Peter Hustinx was the first European Data Protection Supervisor from January 2004 until December 2014. From 1991 until 2004, he was president of the Dutch Data Protection Authority, and from 1996 until 2000, he was also chairman of the Article 29 Working Party. He has been closely involved in the development of data protection law from the start, both at national and various international levels. He received law degrees in Nijmegen, the Netherlands, and in Ann Arbor, Michigan, U.S. In July 2015, he received an honorary doctorate from the University of Edinburgh for his work in the field of information privacy and data protection.
Jules Polonetsky, CIPP/US
Future of Privacy Forum CEO
Jules serves as CEO of the Future of Privacy Forum, a nonprofit organization that serves as a catalyst for privacy leadership and scholarship, advancing principled data practices in support of emerging technologies. FPF is supported by the chief privacy officers of more than 130 leading companies and several foundations, as well as by an advisory board comprised of the country’s leading academics and advocates. FPF’s current projects focus on big data, mobile, location, apps, the internet of things, wearables, deidentification, connected cars and student privacy.
Alexandra Ross, CIPP/E, CIPP/US, CIPM, CIPT, FIP, PLS
Autodesk global privacy and data security counsel director
Alexandra Ross is the founder of The Privacy Guru and director of global privacy and data security counsel at Autodesk, a leader in 3D design, engineering and entertainment software. Previously, she was senior counsel at Paragon Legal and associate general counsel for Wal-Mart Stores. She is a certified information privacy professional (CIPP/ US, CIPP/E, CIPM, CIPT and FIP) and practices in San Francisco, California. She holds a law degree from Hastings College of Law and a B.S. in theater from Northwestern University.
Laura Tarhonen, CIPP/E
IKEA Group data privacy leader
Laura Tarhonen is a technology and data enthusiast with a strong focus on privacy and data protection. Currently she works as a data privacy leader at the group functions of the global retailer IKEA, where she supports data privacy activities in the European markets. Before joining IKEA, Tarhonen worked with managing the companywide privacy program of Finland’s biggest media company, Sanoma. Her background is in law with a master’s degree from the University of Helsinki. She also has some experience in working for the public sector. She has both worked for the Finnish Data Protection Authority (Data Protection Ombudsman’s Office) and Ministry of Transport and Communications. In the Communications Ministry, she worked on the big renewal of the Finnish telecommunications law, e-privacy and governmental surveillance initiatives.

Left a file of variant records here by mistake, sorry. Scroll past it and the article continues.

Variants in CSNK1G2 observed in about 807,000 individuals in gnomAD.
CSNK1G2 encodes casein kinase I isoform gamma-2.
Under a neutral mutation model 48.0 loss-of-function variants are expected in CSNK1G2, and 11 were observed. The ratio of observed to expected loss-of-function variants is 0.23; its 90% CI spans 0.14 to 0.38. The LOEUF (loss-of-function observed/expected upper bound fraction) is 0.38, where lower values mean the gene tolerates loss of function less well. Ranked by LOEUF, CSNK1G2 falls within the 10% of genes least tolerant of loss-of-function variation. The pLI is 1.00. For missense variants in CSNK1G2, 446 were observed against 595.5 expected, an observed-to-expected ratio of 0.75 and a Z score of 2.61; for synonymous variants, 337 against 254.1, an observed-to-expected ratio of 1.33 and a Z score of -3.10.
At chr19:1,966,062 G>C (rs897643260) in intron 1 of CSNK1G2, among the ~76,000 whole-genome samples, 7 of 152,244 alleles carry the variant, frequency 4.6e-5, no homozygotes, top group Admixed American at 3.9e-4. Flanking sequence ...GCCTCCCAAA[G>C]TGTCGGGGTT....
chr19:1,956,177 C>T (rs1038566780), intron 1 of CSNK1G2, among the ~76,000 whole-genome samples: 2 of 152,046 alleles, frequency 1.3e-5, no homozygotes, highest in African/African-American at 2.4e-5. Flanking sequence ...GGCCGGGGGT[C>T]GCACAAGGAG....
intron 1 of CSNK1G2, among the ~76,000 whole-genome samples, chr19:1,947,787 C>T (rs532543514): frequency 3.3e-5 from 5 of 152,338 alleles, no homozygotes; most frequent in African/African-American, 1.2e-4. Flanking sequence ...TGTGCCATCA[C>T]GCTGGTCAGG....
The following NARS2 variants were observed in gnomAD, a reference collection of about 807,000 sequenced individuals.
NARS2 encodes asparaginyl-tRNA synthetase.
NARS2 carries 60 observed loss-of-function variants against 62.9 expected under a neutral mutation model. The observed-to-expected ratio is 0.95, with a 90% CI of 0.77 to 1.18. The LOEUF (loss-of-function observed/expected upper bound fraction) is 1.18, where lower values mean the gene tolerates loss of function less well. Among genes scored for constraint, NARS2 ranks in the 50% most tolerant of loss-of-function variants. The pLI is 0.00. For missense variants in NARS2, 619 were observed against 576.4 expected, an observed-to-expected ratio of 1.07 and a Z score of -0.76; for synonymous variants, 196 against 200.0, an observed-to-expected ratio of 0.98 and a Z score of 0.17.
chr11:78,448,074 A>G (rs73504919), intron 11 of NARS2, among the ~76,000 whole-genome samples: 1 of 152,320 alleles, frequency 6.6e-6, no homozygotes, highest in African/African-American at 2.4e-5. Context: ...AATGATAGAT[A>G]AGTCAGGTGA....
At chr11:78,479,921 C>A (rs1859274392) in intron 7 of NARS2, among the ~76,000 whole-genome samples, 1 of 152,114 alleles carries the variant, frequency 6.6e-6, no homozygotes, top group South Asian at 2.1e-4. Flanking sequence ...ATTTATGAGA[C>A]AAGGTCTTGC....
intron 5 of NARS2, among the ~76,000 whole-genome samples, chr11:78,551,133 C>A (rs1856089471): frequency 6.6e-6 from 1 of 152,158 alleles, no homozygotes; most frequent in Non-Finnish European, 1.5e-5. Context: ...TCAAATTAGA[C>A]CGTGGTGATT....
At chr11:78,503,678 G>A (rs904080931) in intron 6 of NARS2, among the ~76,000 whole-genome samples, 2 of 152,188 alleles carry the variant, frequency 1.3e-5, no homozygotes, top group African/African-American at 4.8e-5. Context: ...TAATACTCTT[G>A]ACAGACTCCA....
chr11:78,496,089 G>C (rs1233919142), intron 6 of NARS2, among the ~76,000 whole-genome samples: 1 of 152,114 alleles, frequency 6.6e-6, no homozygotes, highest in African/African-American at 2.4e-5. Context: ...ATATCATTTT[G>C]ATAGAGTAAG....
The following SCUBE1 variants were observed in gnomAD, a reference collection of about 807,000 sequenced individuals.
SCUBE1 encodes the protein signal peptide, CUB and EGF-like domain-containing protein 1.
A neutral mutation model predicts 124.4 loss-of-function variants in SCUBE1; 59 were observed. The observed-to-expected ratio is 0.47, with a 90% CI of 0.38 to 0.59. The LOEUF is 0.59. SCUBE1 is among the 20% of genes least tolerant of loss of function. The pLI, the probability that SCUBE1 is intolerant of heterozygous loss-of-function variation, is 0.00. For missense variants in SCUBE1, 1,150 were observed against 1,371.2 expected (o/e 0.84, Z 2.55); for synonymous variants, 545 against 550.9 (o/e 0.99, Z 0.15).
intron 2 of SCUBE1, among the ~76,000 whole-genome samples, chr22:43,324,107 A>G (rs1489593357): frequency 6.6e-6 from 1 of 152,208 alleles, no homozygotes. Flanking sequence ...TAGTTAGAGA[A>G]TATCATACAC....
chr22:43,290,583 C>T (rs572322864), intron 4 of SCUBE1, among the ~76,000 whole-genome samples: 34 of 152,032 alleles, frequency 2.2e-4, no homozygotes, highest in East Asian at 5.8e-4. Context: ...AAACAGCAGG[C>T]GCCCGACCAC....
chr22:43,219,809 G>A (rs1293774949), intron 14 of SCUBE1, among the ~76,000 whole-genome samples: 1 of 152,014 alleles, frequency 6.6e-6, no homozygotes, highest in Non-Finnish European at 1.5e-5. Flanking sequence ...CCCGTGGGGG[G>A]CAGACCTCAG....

Alexander White, CIPP/A, CIPP/C, CIPP/E, CIPP/G, CIPP/US, CIPM, CIPT, FIP
Bermuda privacy commissioner
Alex White is currently the privacy commissioner for Bermuda. Prior to this, Alex was deputy chief privacy officer for the U.S. state of South Carolina, where he served as a state subject-matter expert on privacy. His office supported privacy compliance and best practices for more than 70 state agencies and entities. Prior to that, White worked in the insurance industry in emerging issues, enterprise risk management, regulatory compliance, government affairs and product development, including drafting and review of cyber liability forms. In addition to his IAPP certifications, he holds a variety of privacy, legal, cybersecurity and risk management qualifications and is a two-time graduate of the University of Georgia, where he earned a bachelor’s degree in history and a Juris Doctor.
Hogan Lovells senior counsel and Future of Privacy Forum founder and board chair
Christopher Wolf is senior counsel in the Privacy and Information Management practice at the law firm of Hogan Lovells US and previously led the practice as a partner. Wolf focused on internet and privacy law since the early days of those disciplines. He is founder and board chair of the Future of Privacy Forum and a recipient of the IAPP Vanguard Award, among other recognitions.
Stephen Kai-yi Wong
Hong Kong privacy commissioner for personal data
Stephen Kai-yi Wong is the current privacy commissioner for personal data in Hong Kong. Prior to joining the PCPD, Wong was a practicing barrister in private practice and secretary to independent advisory body the Law Reform Commission of Hong Kong. Before serving at the LRC, Wong had been a legal counsel in the Department of Justice from 1986 to 2007 (the then-Attorney General’s Chambers before 1997), assuming various posts, including assistant director of public prosecutions and deputy solicitor general. Being an expert in human rights law, he was involved in the legislative process of the 1991 Hong Kong Bill of Rights Ordinance and was subsequently on loan to the United Nations Human Rights Committee in Geneva for one year until 1992.